Our opinion: For Louisiana's coast, more uncertainty, little time
A new study raises questions about whether one of the most highly touted weapons against coastal erosion will do more harm than good.
At issue are massive river diversions that aim to replenish the sediment and fresh water cut off from coastal wetlands after levees were built to control flooding along the Mississippi and Atchafalaya.
Researchers from Louisiana State University and the University of Maryland released study results last week that indicate such projects, at least as they’ve been envisioned by the state, will destroy more land than they create.
That has already happened with the state’s two major Mississippi River diversions -- Davis Pond in St. Charles Parish and Caernarvon in Plaquemines, the researchers said. They based their findings on a review of satellite images between 1985 and 2015. LSU scientist and study co-author Eugene Turner told The Courier and Daily Comet the diversions did create some land in the immediate area, but that was offset by damage farther away, “and not just a trivial amount.”
The study suggests the state needs to do more research before it moves forward with an estimated $5 billion in river diversions as part of its $50 billion coastal master plan.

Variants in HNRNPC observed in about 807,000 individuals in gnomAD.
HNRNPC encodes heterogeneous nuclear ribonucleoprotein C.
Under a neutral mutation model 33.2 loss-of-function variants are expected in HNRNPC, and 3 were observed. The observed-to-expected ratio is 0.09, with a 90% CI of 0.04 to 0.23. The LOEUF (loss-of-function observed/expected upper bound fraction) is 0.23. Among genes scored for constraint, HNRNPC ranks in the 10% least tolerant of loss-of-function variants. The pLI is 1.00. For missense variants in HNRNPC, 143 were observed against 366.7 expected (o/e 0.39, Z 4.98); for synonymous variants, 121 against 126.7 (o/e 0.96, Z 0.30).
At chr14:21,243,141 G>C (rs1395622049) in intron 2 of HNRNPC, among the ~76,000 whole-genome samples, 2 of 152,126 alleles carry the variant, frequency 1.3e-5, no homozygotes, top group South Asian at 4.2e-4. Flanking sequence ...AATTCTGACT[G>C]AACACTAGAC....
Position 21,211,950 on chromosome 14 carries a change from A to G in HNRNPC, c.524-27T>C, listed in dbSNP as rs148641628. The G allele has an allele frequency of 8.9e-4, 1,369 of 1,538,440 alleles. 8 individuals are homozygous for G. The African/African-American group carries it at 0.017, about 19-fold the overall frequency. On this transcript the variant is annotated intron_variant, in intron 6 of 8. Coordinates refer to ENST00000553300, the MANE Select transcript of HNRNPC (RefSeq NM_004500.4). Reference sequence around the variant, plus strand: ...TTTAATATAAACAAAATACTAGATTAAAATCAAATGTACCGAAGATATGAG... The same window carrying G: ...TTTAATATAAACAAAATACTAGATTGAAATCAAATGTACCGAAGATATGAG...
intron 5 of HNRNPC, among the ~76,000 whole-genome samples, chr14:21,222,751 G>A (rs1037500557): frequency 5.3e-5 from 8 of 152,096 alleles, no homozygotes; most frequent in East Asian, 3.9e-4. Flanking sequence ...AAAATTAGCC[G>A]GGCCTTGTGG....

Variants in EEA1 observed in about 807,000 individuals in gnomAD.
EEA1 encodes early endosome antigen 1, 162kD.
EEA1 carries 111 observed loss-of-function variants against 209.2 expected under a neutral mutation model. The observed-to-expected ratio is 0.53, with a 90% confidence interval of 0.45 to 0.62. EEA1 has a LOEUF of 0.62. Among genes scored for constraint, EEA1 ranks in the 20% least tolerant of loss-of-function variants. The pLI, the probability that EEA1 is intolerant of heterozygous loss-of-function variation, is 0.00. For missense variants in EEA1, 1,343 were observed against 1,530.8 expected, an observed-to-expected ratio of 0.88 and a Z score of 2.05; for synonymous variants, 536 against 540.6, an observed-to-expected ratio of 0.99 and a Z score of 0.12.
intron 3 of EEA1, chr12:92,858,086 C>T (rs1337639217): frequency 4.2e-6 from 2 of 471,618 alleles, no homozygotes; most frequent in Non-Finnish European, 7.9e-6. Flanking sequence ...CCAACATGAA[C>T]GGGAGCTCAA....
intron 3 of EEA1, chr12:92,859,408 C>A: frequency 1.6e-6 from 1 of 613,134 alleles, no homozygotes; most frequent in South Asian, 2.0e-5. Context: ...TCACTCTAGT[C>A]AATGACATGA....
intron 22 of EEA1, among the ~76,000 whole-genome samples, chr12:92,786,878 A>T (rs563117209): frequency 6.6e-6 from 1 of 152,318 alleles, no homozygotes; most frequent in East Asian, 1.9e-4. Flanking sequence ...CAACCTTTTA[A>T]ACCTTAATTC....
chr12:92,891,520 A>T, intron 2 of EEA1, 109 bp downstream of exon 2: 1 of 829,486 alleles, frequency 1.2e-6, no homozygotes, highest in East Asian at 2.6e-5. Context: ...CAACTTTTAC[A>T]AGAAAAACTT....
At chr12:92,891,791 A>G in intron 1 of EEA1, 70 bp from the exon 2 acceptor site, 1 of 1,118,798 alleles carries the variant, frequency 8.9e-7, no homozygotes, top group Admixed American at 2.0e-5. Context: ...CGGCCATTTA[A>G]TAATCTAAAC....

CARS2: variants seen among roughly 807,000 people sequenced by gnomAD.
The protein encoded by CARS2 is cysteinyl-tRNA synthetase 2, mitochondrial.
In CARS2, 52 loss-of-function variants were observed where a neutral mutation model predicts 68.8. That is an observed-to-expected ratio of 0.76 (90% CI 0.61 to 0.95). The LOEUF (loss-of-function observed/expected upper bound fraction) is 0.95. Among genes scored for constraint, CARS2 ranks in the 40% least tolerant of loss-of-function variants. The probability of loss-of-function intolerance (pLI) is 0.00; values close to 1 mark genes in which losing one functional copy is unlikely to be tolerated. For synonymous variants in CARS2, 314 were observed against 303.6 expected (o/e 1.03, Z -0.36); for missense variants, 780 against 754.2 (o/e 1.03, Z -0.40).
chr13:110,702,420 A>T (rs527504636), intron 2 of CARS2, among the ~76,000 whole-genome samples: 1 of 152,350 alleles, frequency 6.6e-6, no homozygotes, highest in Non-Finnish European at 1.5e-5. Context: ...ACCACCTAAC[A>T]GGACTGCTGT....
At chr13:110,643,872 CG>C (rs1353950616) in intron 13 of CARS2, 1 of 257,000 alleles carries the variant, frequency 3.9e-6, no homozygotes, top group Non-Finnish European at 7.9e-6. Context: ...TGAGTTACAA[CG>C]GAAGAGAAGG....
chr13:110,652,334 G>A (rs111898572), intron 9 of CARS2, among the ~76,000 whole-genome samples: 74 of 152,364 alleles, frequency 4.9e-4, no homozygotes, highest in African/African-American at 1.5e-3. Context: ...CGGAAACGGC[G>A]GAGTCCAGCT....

“The state is using these models to predict the land gain from a future diversion,” Turner said. “They need to use the existing evidence of what these current ones did and calibrate the model with on-the-ground data.”
All of this has major implications in Terrebonne, as a major component of the master plan would divert sediment and freshwater from the Atchafalaya River into the parish’s western reaches in an effort to bolster eroding wetlands.
Scientists and others involved in the effort to save Louisiana’s coastal communities from inundation have debatedthe issue for years. Other studies, including one conducted by Tulane researchers in 2017, make a strong case that diversions a an effective way to restore the coastal wetlands that are sinking and eroding into the Gulf of Mexico. Other scientists have cautioned that while diversions stand a great chance of working, it’s the way they are builtthat will decide their success or failure.
While scientists sort out the details, the clock is ticking. The master plan says much of Terrebonne and Lafourche will be lost over the next 50-100 years regardless of what is done to save it. Evidence continues to mount that the increased local flooding has already begun. Communities all along Louisiana’s coast face the same threat.
And that means scientists, politicians and others don’t have long to figure this issue out. The state and its coastal communities have long faced the prospect of deciding whether to do something decisive before it’s too late or wait until the science is settled and risk losing everything. The new study is the latest harbinger of the tough choices ahead.
Editorials represent the opinion of this newspaper and not any single individual.